[0084] As shown in FIG. 8, in this embodiment printer driver 130 is connected to negotiation controller 135, page creator 138, and printer 91. Printer driver 130 communicates with negotiation controller 135 during negotiation of a layout for print data, as explained in more detail with reference to FIGS. 9A to 9E and 10 below. Printer driver 130 receives print jobs from page creator 138 and instructs printer 91 to print on a recording medium based on the print jobs.

[0085] Printer 91 is connected to printer driver 130. In response to instructions from printer driver 130, printer 91 prints on a recording medium so as to generate printed materials 140.

[0086] Also shown in FIG. 8 is target device driver 131. In this embodiment of the invention, target device driver 131 is connected to negotiation controller 135 and target device 100. Target device driver 131 interacts with negotiation controller 135 so as to determine a layout for printed materials, as explained in more detail with reference to FIGS. 9A to 9F and 10 below. Target device driver 131 communicates with target device 100 so as to control target device 100 in processing printed materials 140. Target device 100 generates processed materials 142 from printed materials 140.

[0087]FIGS. 9A to 9E show examples of layouts that can be processed properly by different target devices. Many other examples exist of constraints for layouts that depend on processing capabilities of target devices. The layouts shown in FIGS. 9A to 9E are only meant to provide general examples of such constraints and how they relate to the processing capabilities of target devices.

[0088]FIG. 9A shows layout 150, which illustrates constraints for a layout appropriate for processing by an automatic binder. Included in layout 150 is minimum binding margin 151, which represents a smallest margin that the binder is capable of binding. From the perspective of a printer printing onto a recording medium for automatic binding, margin 151 defines area 152 that cannot be “processed” properly and area 153 that can be “processed” properly. In other words, after binding, materials printed in area 152 are hidden and therefore are not processed properly by the binder.

[0089]FIG. 9B shows layout 155, which illustrates constraints for a layout appropriate for processing by an automatic folder or an automatic folder/binder. Included in layout 155 are folding line 157 and minimum folding margins 158. Line 157 and margins 158 define area 160 that cannot be processed properly and areas 161 that can be processed properly by the automatic folder. It is, of course, possible for the layout to include multiple folds in directions different from that of line 157.

[0090]FIG. 9C shows layout 163, which illustrates constraints for a layout appropriate for processing by an automatic stapler. Included in layout 163 is staple area boundary 164, which denotes an area held together by a staple inserted by the automatic stapler. Boundary 164 defines area 165 that cannot be processed properly and area 166 that can be processed properly by the automatic stapler. The automatic stapler can, of course, use multiple staples positioned at different locations in layout 163.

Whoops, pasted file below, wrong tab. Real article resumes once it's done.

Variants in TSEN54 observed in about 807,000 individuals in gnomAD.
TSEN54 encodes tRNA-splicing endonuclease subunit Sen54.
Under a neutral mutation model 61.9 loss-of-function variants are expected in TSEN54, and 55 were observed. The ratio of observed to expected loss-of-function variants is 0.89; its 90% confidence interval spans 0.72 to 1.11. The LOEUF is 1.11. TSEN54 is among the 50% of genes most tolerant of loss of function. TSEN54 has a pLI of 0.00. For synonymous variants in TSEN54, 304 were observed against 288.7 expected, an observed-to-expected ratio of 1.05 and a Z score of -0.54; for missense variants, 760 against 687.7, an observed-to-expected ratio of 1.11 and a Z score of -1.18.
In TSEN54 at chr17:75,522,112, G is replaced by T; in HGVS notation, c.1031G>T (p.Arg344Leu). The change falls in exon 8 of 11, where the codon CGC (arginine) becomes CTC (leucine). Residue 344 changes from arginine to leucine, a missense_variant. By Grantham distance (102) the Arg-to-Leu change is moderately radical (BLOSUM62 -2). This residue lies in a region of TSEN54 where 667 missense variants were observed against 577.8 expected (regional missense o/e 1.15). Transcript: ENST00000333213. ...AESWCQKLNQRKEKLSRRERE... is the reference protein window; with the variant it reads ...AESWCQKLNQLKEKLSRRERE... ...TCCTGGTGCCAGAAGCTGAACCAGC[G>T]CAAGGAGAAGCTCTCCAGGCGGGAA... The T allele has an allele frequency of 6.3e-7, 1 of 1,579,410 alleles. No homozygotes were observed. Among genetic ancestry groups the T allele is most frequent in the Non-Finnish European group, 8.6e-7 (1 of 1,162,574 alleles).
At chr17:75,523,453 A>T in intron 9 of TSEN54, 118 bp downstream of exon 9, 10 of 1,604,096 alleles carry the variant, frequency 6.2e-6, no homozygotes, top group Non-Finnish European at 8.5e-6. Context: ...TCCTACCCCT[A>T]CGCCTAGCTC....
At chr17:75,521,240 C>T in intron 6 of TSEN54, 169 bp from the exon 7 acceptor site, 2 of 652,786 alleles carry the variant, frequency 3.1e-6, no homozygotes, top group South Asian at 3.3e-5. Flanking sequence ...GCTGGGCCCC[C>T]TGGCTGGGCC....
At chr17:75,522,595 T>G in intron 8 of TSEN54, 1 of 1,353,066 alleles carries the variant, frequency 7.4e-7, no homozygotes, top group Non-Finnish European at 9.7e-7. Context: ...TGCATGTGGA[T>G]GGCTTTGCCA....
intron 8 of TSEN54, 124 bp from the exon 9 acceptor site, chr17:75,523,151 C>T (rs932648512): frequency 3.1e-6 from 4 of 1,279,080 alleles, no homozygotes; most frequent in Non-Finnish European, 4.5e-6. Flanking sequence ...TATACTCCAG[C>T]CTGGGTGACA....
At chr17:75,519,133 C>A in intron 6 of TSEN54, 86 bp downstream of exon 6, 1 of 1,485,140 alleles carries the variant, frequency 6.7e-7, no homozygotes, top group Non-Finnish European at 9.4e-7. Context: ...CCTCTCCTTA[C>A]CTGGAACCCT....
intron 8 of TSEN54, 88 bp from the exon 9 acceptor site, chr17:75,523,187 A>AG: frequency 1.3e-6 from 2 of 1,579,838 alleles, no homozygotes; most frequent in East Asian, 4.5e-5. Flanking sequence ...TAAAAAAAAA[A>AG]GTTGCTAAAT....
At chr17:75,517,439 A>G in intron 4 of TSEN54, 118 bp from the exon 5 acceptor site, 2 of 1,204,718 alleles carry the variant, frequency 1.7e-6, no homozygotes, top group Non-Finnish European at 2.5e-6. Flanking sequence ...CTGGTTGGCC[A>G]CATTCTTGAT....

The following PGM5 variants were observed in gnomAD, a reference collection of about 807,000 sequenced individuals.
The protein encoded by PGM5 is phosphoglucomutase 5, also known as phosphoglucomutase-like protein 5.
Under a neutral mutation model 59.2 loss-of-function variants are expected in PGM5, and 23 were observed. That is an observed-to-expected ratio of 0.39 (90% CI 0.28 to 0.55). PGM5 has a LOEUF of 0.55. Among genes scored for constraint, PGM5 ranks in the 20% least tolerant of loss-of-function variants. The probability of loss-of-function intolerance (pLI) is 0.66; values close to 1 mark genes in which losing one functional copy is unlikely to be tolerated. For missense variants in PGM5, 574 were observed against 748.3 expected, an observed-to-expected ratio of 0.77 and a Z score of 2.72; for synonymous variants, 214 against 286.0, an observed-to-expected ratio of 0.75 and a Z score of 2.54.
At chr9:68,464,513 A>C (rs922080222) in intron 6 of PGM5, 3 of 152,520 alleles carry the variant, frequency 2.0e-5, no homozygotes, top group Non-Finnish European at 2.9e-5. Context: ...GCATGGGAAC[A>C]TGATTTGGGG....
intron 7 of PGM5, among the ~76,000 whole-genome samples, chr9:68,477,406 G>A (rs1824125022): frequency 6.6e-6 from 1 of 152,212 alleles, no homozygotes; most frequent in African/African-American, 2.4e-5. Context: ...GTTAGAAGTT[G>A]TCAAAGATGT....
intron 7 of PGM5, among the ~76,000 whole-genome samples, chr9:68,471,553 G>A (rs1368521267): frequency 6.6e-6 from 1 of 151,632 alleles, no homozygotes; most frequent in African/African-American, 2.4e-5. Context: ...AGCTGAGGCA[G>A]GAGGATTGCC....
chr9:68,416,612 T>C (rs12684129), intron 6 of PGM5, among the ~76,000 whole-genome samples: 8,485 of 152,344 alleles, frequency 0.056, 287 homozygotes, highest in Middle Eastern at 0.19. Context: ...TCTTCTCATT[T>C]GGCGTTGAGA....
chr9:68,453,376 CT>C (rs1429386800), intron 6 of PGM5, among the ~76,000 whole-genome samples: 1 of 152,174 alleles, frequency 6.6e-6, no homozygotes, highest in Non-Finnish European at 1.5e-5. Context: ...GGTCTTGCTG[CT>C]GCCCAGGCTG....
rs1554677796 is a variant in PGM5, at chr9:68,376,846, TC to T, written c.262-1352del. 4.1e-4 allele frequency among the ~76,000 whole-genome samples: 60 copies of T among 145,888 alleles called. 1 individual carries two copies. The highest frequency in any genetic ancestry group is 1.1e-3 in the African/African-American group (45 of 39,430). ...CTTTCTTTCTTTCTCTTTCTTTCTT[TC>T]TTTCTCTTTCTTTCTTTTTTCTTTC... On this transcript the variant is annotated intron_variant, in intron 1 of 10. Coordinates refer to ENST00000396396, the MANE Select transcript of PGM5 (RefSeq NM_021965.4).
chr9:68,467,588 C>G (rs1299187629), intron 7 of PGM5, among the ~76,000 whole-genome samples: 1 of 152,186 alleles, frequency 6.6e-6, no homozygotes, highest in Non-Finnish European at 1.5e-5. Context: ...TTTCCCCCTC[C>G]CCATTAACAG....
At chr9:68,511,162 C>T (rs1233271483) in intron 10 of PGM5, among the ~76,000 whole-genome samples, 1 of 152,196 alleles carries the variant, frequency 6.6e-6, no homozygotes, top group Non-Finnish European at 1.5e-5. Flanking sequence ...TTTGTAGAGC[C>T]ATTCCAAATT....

[0091]FIG. 9D shows layout 169, which illustrates constraints for a layout appropriate for processing by an automatic cutting, scoring or stitching device. Included in layout 169 are cutting, scoring or stitching lines 171 and 172. Each of these lines has a margin associated therewith, namely margins 174 and 175. In the example shown in FIG. 9D, these lines and margins define cross-shaped area 177 that cannot be processed properly and areas 179 that can be processed properly by the automatic cutting, scoring or stitching device. It should be noted that these lines and margins need not be straight. Rather, irregular cutting lines and margins can constrain the layout, depending on the processing capabilities of the automatic cutting, scoring, or stitching device.

[0092]FIG. 9E shows an example of a layout for an envelope for processing by an automatic stamper, a bar code reader, or a stamp reader. Layout 182 in FIG. 9E includes stamp area 183 and bar code area 184. This layout illustrates that the area that can be processed properly can depend on the nature of the printed materials, as well as the type of target device.

[0093] If the printed materials are a stamp that is processed by a stamp reader, then stamp area 183 can represent the only area on the envelope that can be processed properly. Likewise, if the printed materials are a bar code that is processed by a bar code reader, then bar code area 184 can represent the only area that can be processed properly. Conversely, if the printed materials are an address and the layout is processed by an automatic stamper, then stamp area 183 can represent an area that cannot be processed properly, as that area would be covered by the stamp. The layout for the address would be constrained to area 185. In any case, the sizes of stamp area 183 and bar code area 184 depend on the capabilities of the target device.